Middle East & Africa
Former Malian Prime Minister Soumeylou Boubeye Maiga (2L) is received in Mopti on his visit to Mali's central region on October 14, 2018. (Photo by Michele Cattani/ AFP/Getty Images)

Dumping One Government Won’t Fix Mali

March’s deadly massacre exposed the lack of progress since the country’s peace accords—and the many political and security reforms that are needed.

Document of the Week: Jared Kushner’s Mideast Peace Email

“Our goal can’t be to keep things stable and as they are, our goal had to be to make things significantly BETTER!”

Supporters of Yemen's Houthi rebels attend a rally  in Sanaa, Yemen, on March 26. (Mohammed Huwais/AFP/Getty Images)

Trump’s Yemen Veto Could Still Cost Saudis

Democratic lawmaker mulls sanctioning Saudis tied to the humanitarian blockade on the war-torn country.

A miner stands on a mound of dirt at an abandoned industrial mine March 28, 2006 in Mongbwalu, Congo. (Spencer Platt/Getty Images)

Your Cell Phone Is Spreading Ebola

A deadly outbreak in Congo has become a global emergency because of a raging conflict over valuable minerals.

Cars drive on a new Israeli road divided by a wall to separate it for Palestinians (L) and the side to be used exclusively by Israelis and settlers (R) in East Jerusalem, on January 10, 2019. Route 4370 connects the settlement of Geva Binyamin to the Jerusalem-Tel Aviv highway. The road, which has been called the Apartheid Road, is divided in the middle by a 25-foot wall.

Separation and a Two-State Solution Aren’t the Same

Netanyahu is not the only one who opposes basic Palestinian rights. Almost all Israeli leaders reject the fundamental tenets of sovereignty that would make a Palestinian state genuine and viable.

Turkish President Recep Tayyip Erdogan and his Russian counterpart, Vladimir Putin, attend a ceremony marking the completion of the sea part of the TurkStream gas pipeline in Istanbul on Nov. 19, 2018. (Mikhail Klimentyev/AFP/Getty Images)

Russia’s Gas Web Ensnares Europe

New pipeline projects throughout the Middle East could boost Russian influence there while also ensuring the country’s role as the prime supplier of energy to Europe.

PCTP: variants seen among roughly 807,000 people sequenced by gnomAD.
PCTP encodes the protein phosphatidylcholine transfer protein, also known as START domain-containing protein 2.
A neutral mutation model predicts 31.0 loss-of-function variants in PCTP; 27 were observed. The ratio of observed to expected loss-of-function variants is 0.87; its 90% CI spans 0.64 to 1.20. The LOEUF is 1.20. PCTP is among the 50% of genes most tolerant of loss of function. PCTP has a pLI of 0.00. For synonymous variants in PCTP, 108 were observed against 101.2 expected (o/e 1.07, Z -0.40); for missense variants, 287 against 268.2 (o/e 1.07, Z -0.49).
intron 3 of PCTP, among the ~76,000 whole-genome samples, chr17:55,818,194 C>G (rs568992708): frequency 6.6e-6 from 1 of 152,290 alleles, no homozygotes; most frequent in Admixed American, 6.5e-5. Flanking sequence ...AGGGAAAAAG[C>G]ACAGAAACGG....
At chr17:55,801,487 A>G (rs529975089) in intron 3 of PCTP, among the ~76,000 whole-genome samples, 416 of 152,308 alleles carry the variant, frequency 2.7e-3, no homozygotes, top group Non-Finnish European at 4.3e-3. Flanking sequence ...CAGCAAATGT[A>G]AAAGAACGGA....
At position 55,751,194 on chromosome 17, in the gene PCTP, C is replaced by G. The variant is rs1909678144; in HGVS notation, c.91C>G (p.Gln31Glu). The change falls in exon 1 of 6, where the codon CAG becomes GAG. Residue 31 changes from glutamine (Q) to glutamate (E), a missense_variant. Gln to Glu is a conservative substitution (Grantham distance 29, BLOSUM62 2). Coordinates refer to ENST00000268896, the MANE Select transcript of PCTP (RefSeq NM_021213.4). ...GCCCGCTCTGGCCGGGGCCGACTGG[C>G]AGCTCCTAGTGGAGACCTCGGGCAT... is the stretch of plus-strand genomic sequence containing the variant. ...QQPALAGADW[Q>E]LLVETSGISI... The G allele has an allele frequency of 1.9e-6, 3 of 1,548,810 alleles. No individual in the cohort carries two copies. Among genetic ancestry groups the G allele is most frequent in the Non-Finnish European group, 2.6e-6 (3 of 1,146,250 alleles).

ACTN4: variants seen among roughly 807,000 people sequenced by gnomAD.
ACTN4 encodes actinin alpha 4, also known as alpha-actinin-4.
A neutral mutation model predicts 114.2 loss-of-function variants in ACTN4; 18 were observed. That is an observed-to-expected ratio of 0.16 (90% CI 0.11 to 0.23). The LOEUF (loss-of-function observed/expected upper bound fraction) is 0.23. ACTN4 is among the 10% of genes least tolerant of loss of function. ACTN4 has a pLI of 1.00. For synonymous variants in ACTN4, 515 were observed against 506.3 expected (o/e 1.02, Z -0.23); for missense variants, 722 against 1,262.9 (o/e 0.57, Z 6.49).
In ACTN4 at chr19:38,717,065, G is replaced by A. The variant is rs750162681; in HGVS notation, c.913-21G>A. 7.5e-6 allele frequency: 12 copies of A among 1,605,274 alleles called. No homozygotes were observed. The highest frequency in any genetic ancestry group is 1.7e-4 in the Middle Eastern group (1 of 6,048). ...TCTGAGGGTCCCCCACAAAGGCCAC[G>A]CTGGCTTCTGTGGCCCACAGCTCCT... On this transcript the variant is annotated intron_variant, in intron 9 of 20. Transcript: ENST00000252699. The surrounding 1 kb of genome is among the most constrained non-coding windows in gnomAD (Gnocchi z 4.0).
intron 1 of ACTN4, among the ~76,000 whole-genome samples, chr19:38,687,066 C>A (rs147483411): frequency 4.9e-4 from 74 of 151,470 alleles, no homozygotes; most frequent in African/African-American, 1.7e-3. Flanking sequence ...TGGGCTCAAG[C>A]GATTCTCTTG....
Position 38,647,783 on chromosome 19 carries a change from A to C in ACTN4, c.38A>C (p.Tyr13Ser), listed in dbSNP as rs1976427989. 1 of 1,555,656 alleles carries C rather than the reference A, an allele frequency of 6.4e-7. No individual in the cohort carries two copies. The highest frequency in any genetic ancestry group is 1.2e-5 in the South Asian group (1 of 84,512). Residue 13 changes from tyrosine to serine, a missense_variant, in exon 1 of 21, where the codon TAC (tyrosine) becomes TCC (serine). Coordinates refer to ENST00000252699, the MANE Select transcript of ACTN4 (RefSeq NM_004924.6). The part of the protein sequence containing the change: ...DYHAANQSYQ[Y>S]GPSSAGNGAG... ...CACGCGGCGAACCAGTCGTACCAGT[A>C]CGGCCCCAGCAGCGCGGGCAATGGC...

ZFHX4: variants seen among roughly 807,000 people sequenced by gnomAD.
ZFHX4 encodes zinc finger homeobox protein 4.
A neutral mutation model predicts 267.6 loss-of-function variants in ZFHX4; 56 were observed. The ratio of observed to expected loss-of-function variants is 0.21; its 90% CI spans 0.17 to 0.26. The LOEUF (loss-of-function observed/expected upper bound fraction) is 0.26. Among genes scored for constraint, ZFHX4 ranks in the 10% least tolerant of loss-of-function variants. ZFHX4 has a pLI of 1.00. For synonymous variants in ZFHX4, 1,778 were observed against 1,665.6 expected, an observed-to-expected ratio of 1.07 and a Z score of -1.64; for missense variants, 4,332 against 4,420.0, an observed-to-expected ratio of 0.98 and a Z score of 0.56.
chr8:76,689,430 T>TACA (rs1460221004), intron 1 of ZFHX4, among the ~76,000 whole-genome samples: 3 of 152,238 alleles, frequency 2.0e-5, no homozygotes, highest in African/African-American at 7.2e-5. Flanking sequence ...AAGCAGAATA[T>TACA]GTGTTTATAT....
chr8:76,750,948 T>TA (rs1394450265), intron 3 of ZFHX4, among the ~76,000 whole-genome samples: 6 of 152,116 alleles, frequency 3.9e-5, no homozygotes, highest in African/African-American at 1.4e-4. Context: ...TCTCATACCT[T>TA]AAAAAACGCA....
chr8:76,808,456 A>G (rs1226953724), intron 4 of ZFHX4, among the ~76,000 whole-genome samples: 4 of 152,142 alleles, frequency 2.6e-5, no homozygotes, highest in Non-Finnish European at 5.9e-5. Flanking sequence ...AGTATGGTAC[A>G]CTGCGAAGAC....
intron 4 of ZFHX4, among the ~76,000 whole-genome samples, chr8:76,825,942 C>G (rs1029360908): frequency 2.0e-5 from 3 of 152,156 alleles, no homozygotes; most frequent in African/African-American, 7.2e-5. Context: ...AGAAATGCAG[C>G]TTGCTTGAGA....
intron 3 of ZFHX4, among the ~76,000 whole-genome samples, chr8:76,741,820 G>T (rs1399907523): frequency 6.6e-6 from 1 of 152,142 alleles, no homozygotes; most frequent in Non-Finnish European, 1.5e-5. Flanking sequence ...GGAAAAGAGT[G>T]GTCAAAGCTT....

An Ultra-Orthodox Israeli man, accompanied by his children, prepares to cast his ballot at a polling station in Bnei Brak, near the city of Tel Aviv, on March 17, 2015.

The Ultra-Orthodox Will Determine Israel’s Political Future

Netanyahu’s embrace and the left’s hostility have made the fast-growing Haredi Jewish population the right’s most reliable constituency.

The Israeli Arab politician Ahmed Tibi casts his vote during Israel's parliamentary elections in in the northern Israeli town of Taiyiba on April 9. (Ahmad Gharabli/AFP/Getty Images)

How Israel Marginalizes Its Arab Citizens

Disaffection prompted the lowest voter turnout in years among Arab Israelis.

Omar al-Bashir appears during a rally with his supporters in the Green Square in Khartoum on Jan. 9, 2019. (Sharaf Shazly/AFP/Getty Images)

It Takes a Village to Make a Monster

Omar al-Bashir is gone—but he was never the key to Sudan’s oppression to begin with.

A picture taken on July 25, 2017 shows Sudanese patients waiting in a hallway at the Radiation and Isotopes Centre in  Khartoum.
In Sudan access to drugs and treatment was impaired by U.S. sanctions.

Lifting Sanctions Isn’t as Simple as It Sounds

Financial wars damage and disfigure economies as much as military ones. Countries ravaged by sanctions need reconstruction, too.

Sudanese demonstrators protest outside the army headquarters in Khartoum on April 12. (Ashraf Shazly/AFP/Getty Images)

The World This Weekend

FP’s latest on the turmoil in Sudan, Benjamin Netanyahu’s re-election, and Julian Assange’s arrest.

Supporters attend a pro-government rally for Israeli Prime Minister Benjamin Netanyahu in Tel Aviv in in March 2015. (Ilia Yefimovich/Getty Images)

How Israel’s Netanyahu Uses Fear and Loathing to Win Elections

On the podcast: The Israeli journalist Anshel Pfeffer looks back at Bibi’s first general election campaign in 1996.

Members of Iran's Revolutionary Guards Corps march during the annual military parade marking the anniversary of the outbreak of the Iran-Iraq war in Tehran on Sept. 22, 2018. (Stringer/AFP/Getty Images)

The Revolutionary Guards Are Ready to Strike Back

The Trump administration has labeled Iran’s most powerful military branch a terrorist organization—and put Americans around the world in danger.

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